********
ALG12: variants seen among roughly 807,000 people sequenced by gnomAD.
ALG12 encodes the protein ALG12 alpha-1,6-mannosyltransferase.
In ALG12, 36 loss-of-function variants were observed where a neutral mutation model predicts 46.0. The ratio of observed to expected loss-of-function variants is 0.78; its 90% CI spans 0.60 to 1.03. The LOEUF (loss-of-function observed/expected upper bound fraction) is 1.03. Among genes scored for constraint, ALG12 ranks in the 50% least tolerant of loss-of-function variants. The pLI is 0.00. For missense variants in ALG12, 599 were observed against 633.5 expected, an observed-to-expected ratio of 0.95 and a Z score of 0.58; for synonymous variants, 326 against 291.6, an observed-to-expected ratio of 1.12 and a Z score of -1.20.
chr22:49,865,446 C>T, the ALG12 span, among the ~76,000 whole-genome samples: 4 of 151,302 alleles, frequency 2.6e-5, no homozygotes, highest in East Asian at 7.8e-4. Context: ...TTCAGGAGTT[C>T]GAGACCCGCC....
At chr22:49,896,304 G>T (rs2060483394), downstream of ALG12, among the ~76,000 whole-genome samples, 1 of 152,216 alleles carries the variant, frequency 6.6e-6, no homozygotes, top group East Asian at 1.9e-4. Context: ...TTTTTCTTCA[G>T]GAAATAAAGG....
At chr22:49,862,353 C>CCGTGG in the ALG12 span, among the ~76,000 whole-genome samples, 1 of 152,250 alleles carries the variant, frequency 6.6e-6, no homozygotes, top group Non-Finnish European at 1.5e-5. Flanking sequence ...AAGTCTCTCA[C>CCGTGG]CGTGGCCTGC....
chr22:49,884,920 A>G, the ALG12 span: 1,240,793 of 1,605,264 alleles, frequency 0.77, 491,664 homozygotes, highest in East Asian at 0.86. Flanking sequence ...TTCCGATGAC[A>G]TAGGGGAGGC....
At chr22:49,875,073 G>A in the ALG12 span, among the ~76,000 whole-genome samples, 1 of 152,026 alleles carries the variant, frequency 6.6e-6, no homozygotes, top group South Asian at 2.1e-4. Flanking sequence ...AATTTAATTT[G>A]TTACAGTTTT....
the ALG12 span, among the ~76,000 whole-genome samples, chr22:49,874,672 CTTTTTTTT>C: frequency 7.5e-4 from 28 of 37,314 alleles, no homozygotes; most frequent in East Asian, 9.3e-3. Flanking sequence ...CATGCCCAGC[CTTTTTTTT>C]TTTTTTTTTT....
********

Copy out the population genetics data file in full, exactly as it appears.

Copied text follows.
ALG12: variants seen among roughly 807,000 people sequenced by gnomAD.
ALG12 encodes the protein ALG12 alpha-1,6-mannosyltransferase.
In ALG12, 36 loss-of-function variants were observed where a neutral mutation model predicts 46.0. The ratio of observed to expected loss-of-function variants is 0.78; its 90% CI spans 0.60 to 1.03. The LOEUF (loss-of-function observed/expected upper bound fraction) is 1.03. Among genes scored for constraint, ALG12 ranks in the 50% least tolerant of loss-of-function variants. The pLI is 0.00. For missense variants in ALG12, 599 were observed against 633.5 expected, an observed-to-expected ratio of 0.95 and a Z score of 0.58; for synonymous variants, 326 against 291.6, an observed-to-expected ratio of 1.12 and a Z score of -1.20.
chr22:49,865,446 C>T, the ALG12 span, among the ~76,000 whole-genome samples: 4 of 151,302 alleles, frequency 2.6e-5, no homozygotes, highest in East Asian at 7.8e-4. Context: ...TTCAGGAGTT[C>T]GAGACCCGCC....
At chr22:49,896,304 G>T (rs2060483394), downstream of ALG12, among the ~76,000 whole-genome samples, 1 of 152,216 alleles carries the variant, frequency 6.6e-6, no homozygotes, top group East Asian at 1.9e-4. Context: ...TTTTTCTTCA[G>T]GAAATAAAGG....
At chr22:49,862,353 C>CCGTGG in the ALG12 span, among the ~76,000 whole-genome samples, 1 of 152,250 alleles carries the variant, frequency 6.6e-6, no homozygotes, top group Non-Finnish European at 1.5e-5. Flanking sequence ...AAGTCTCTCA[C>CCGTGG]CGTGGCCTGC....
chr22:49,884,920 A>G, the ALG12 span: 1,240,793 of 1,605,264 alleles, frequency 0.77, 491,664 homozygotes, highest in East Asian at 0.86. Flanking sequence ...TTCCGATGAC[A>G]TAGGGGAGGC....
At chr22:49,875,073 G>A in the ALG12 span, among the ~76,000 whole-genome samples, 1 of 152,026 alleles carries the variant, frequency 6.6e-6, no homozygotes, top group South Asian at 2.1e-4. Flanking sequence ...AATTTAATTT[G>A]TTACAGTTTT....
the ALG12 span, among the ~76,000 whole-genome samples, chr22:49,874,672 CTTTTTTTT>C: frequency 7.5e-4 from 28 of 37,314 alleles, no homozygotes; most frequent in East Asian, 9.3e-3. Flanking sequence ...CATGCCCAGC[CTTTTTTTT>C]TTTTTTTTTT....